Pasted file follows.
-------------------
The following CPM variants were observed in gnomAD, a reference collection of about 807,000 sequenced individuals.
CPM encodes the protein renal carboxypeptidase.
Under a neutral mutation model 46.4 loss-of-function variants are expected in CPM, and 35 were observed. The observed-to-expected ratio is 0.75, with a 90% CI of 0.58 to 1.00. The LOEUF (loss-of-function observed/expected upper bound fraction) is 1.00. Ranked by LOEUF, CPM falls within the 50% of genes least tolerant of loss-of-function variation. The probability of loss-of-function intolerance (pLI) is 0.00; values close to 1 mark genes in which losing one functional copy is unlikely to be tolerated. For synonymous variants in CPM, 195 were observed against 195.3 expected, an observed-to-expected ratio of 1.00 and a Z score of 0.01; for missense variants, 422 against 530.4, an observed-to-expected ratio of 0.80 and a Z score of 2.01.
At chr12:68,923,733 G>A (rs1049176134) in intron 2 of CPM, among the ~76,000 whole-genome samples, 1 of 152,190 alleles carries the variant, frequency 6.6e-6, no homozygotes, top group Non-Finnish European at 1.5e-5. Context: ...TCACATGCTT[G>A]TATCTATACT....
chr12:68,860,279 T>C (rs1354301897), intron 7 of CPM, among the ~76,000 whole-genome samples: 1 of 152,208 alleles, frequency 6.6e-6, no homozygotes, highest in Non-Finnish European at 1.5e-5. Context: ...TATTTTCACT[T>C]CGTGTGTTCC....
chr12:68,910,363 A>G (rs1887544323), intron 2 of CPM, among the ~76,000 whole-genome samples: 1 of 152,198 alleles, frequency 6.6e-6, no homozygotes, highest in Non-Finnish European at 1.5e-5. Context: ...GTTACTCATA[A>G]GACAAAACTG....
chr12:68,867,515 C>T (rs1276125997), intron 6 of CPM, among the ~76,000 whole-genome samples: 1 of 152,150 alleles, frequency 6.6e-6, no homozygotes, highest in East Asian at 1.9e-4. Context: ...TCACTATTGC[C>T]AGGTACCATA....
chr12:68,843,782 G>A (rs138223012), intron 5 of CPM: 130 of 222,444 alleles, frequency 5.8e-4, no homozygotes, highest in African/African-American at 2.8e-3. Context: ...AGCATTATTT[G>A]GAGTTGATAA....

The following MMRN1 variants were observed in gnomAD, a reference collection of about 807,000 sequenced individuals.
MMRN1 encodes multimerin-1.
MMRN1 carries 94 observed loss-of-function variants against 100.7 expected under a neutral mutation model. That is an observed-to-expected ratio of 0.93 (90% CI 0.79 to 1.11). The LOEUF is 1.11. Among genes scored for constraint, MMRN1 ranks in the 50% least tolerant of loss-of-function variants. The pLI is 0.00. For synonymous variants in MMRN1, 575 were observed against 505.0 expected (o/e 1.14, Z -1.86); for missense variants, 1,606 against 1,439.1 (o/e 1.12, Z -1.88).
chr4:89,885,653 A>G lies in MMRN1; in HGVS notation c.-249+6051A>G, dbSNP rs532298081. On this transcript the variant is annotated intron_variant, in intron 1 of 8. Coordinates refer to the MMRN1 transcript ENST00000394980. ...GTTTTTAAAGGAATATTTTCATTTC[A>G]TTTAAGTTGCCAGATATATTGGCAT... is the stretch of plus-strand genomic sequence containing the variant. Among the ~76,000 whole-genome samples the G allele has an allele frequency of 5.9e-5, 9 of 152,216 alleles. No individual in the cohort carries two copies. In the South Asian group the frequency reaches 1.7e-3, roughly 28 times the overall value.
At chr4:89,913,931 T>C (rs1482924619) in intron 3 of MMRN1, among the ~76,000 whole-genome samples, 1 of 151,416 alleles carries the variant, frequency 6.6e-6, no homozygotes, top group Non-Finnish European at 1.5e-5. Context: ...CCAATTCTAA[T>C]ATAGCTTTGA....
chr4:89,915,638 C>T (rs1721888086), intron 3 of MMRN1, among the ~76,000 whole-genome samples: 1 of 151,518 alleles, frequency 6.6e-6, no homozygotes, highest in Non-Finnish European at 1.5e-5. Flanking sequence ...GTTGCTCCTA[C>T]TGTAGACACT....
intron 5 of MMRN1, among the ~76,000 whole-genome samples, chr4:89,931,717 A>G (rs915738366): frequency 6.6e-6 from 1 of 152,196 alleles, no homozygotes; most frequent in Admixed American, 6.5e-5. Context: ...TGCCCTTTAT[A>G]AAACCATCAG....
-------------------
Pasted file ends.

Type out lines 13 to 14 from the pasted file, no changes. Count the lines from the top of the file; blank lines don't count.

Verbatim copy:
At chr4:89,913,931 T>C (rs1482924619) in intron 3 of MMRN1, among the ~76,000 whole-genome samples, 1 of 151,416 alleles carries the variant, frequency 6.6e-6, no homozygotes, top group Non-Finnish European at 1.5e-5. Context: ...CCAATTCTAA[T>C]ATAGCTTTGA....
chr4:89,915,638 C>T (rs1721888086), intron 3 of MMRN1, among the ~76,000 whole-genome samples: 1 of 151,518 alleles, frequency 6.6e-6, no homozygotes, highest in Non-Finnish European at 1.5e-5. Flanking sequence ...GTTGCTCCTA[C>T]TGTAGACACT....